Throb(3)

By: Vi Keeland


“All of it. I need one-point-two.”

“Miles,” I sigh and drag my hands through my hair.

“It’s a really good show, Coop. I just know the ratings will go through the roof with a little advertising.”

I’ve heard all this before. It’ll take more than Miles’s biased and unreliable assurance to convince me. “Send me some dailies. I want a look before I can answer.”

“You got it.” He smiles, tossing back the rest of the liquor in his glass. “I’ll have Linda send you over the first few episodes. You’re going to be dying to get in on this one.”

Dying, I think to myself, might be preferable to having to watch more reality TV.



Finally home after a fourteen-hour day that ended even worse than it started, I call Helen and ask her to have someone pick up my brand-new Mercedes from the repair shop in the morning. Three days old, and I was rear-ended while I waited for the light change, already ten minutes late for my first meeting because of yet another problem with the elevator in my building. I eventually walked down forty-two flights, thinking the morning couldn’t get any worse. Damn was I wrong. Miles’s visit came next.

I hop in the shower, allowing the steady stream of pulsating water from the shower massager to work its way into my tightly knotted shoulder muscles. I’m just letting out a deep breath, finally starting to relax, when the doorbell interrupts. “Goddamn it,” I growl, grabbing a towel and heading to the door. Somebody better be dying.

Lou, the night doorman, stands holding a package. “A courier dropped these off for you today. I missed you come in. Must have been on my bathroom break. Sorry about that, Mr. Montgomery, the bladder isn’t what it used to be.”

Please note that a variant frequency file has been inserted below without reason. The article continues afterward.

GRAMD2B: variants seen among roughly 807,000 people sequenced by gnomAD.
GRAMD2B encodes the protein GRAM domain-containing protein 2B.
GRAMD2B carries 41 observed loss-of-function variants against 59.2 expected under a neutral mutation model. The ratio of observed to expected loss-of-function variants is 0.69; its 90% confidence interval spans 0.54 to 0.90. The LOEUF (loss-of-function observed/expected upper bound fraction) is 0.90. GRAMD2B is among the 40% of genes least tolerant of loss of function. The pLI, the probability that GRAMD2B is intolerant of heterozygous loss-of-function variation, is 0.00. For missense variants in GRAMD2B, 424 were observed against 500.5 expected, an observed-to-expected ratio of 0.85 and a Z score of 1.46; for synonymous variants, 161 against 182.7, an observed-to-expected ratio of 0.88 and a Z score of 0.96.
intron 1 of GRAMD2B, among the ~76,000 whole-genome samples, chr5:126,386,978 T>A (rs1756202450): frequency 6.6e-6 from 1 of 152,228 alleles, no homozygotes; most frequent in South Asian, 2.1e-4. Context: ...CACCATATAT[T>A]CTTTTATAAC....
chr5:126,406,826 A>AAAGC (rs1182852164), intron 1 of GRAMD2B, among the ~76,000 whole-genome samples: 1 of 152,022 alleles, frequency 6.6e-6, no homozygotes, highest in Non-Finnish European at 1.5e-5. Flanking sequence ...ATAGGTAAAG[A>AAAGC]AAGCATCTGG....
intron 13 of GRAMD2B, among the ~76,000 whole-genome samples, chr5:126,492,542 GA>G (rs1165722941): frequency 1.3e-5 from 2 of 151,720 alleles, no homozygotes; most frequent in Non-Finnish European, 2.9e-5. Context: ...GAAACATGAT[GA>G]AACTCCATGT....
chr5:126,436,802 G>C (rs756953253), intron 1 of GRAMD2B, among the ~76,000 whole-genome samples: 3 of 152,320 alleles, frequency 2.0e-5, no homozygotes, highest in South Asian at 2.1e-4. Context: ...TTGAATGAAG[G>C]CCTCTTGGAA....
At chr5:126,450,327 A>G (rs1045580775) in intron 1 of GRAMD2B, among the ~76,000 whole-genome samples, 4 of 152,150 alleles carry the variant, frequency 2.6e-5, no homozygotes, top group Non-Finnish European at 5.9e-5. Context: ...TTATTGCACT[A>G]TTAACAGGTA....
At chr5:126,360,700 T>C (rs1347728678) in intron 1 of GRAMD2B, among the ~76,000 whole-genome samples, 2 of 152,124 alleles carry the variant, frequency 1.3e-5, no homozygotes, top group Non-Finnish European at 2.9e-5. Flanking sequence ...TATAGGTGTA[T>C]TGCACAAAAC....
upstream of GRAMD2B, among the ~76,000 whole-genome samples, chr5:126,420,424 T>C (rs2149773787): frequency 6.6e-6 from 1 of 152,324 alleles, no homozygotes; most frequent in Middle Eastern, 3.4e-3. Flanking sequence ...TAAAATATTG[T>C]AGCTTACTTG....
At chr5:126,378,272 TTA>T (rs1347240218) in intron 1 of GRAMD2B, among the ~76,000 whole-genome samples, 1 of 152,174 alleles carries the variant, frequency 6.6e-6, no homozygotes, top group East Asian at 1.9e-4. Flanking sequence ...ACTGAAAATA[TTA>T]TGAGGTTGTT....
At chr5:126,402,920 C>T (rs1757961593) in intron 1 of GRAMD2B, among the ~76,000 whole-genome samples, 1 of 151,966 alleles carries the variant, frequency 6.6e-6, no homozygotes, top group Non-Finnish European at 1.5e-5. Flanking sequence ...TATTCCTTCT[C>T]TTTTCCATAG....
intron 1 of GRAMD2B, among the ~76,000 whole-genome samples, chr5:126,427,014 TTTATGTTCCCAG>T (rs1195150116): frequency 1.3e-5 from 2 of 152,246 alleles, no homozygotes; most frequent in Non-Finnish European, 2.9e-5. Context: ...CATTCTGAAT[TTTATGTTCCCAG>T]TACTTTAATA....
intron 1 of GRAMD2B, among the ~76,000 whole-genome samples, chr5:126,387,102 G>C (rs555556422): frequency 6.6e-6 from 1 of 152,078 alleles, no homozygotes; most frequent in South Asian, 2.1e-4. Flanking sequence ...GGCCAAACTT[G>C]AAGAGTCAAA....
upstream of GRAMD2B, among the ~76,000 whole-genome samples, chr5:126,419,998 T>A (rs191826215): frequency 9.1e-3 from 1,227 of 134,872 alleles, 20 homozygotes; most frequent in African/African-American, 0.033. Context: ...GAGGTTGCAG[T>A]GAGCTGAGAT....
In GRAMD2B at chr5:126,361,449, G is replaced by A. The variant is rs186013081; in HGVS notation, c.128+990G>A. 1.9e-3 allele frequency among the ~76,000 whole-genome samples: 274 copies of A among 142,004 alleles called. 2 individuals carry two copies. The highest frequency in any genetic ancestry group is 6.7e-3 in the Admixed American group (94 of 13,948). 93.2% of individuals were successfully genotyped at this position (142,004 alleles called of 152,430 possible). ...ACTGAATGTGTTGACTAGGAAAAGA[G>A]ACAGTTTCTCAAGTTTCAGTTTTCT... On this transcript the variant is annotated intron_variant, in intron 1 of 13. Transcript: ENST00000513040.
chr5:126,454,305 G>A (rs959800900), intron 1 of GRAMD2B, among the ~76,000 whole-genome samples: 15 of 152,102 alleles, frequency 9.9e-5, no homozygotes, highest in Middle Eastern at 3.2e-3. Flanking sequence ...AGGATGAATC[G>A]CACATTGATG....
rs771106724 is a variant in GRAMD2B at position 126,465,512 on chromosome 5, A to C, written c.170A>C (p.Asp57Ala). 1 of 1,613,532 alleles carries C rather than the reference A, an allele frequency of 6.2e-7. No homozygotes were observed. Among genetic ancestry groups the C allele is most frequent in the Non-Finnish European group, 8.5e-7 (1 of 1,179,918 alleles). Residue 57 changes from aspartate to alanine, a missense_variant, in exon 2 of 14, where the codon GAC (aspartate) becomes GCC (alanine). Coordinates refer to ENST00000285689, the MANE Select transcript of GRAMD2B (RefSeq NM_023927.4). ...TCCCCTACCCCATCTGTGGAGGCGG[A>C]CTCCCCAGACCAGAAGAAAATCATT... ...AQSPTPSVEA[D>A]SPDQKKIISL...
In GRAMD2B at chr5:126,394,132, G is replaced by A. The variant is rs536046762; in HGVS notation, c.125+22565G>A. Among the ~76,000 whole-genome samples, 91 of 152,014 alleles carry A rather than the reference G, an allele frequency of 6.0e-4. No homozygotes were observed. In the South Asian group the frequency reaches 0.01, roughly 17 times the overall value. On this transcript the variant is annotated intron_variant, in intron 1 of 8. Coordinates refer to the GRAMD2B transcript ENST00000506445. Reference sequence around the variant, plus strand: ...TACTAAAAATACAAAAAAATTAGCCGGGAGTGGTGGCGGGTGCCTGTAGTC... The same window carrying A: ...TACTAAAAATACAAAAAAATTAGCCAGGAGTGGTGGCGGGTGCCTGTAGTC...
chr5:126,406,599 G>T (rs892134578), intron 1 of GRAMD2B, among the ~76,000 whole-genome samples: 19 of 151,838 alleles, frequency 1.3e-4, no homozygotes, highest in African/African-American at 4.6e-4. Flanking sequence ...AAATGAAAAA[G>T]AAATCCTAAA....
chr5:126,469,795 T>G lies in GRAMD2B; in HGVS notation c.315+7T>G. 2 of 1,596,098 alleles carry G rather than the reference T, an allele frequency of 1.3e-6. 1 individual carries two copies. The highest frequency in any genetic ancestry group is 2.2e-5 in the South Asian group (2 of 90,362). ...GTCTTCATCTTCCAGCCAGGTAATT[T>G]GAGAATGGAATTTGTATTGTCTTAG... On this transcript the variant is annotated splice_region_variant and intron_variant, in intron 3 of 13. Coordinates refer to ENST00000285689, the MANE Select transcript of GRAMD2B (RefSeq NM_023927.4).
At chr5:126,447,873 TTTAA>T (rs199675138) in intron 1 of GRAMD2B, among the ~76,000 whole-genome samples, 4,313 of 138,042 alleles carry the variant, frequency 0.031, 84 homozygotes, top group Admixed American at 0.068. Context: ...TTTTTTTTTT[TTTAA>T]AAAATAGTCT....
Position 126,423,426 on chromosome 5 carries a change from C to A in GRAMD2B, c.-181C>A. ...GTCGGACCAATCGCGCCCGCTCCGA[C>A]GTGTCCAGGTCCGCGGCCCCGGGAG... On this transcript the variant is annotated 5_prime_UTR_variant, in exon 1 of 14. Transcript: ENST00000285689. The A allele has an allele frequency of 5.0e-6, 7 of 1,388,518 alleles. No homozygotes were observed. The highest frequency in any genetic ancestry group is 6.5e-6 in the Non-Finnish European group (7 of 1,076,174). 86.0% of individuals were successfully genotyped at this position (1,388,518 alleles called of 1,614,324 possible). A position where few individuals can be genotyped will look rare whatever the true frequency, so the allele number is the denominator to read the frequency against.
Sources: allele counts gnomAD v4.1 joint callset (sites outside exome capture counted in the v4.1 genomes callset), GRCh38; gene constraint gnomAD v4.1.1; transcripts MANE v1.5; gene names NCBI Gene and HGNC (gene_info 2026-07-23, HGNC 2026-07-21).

“No problem, Lou. Thanks for bringing it up.”

“Also, you had a visitor before you got home tonight. She wasn’t on the list of approved visitors and you didn’t answer the buzz, so I sent her away.” Lou pauses. “She wasn’t happy.”

“Did you get her name?”

“Didn’t need to. It was that actress, Tatiana Laroix.”

Perfect. I’ve tried the nice route, but she just won’t take a hint. “Thanks, Lou. You did the right thing.”

“That’s one beautiful woman, even at my age, ya can’t help but notice that one. Hope you don’t mind me saying so.”

“You’re right there. She is beautiful.” And damn crazy too.

I change into some sweats and take a look at the package. Mile High Productions. Great. I can’t think of a more appropriate way to end this crappy day, reality TV.

I grab a beer, take a long draw and slip the DVD in. The first ten minutes introduces half of the women. The method is interesting enough, although the responses fall flat. The host, who I’m actually pretty impressed Miles was able to score, is a well-known name. Each girl is on screen for a minute as he plays word association with them. Great concept, predictable answers. By the sixth woman who associates the word profound with the lyrics of Macklemore, I’m done. Maybe tomorrow, things won’t seem so bleak.



Friday is appointment-free day. My father passed the tradition down to me, and it makes the day before the weekend something I look forward to. It’s the one-day that Helen keeps clear. No appointments, no conference calls, no lunches, no meetings. It’s my choice, all day. This week I need it more than ever. I do my morning run at the studio lot, knowing Miles is going to be shooting some promo work for Throb. I decide I’ll drop in unannounced and check out what’s going on.

I’m surprised to find the lot empty, so I head over to security to see what Mile High has planned for the day.

“Hey, Frank.”